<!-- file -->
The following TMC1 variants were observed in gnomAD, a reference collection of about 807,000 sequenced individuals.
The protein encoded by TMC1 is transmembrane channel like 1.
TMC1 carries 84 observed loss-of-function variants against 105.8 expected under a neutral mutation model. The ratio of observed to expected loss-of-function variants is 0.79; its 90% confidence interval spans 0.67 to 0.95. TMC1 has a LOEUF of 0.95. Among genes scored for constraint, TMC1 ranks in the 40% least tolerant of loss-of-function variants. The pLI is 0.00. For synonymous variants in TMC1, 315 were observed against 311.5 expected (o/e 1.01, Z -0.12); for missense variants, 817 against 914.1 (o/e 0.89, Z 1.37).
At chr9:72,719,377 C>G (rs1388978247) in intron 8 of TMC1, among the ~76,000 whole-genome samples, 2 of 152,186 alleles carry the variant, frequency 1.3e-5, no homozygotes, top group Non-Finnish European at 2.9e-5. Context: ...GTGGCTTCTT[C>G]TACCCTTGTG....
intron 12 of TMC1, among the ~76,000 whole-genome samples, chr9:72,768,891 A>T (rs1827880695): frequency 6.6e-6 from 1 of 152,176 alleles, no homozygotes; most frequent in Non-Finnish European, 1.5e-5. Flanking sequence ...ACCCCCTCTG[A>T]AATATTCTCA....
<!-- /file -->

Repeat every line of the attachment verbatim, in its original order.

The following TMC1 variants were observed in gnomAD, a reference collection of about 807,000 sequenced individuals.
The protein encoded by TMC1 is transmembrane channel like 1.
TMC1 carries 84 observed loss-of-function variants against 105.8 expected under a neutral mutation model. The ratio of observed to expected loss-of-function variants is 0.79; its 90% confidence interval spans 0.67 to 0.95. TMC1 has a LOEUF of 0.95. Among genes scored for constraint, TMC1 ranks in the 40% least tolerant of loss-of-function variants. The pLI is 0.00. For synonymous variants in TMC1, 315 were observed against 311.5 expected (o/e 1.01, Z -0.12); for missense variants, 817 against 914.1 (o/e 0.89, Z 1.37).
At chr9:72,719,377 C>G (rs1388978247) in intron 8 of TMC1, among the ~76,000 whole-genome samples, 2 of 152,186 alleles carry the variant, frequency 1.3e-5, no homozygotes, top group Non-Finnish European at 2.9e-5. Context: ...GTGGCTTCTT[C>G]TACCCTTGTG....
intron 12 of TMC1, among the ~76,000 whole-genome samples, chr9:72,768,891 A>T (rs1827880695): frequency 6.6e-6 from 1 of 152,176 alleles, no homozygotes; most frequent in Non-Finnish European, 1.5e-5. Flanking sequence ...ACCCCCTCTG[A>T]AATATTCTCA....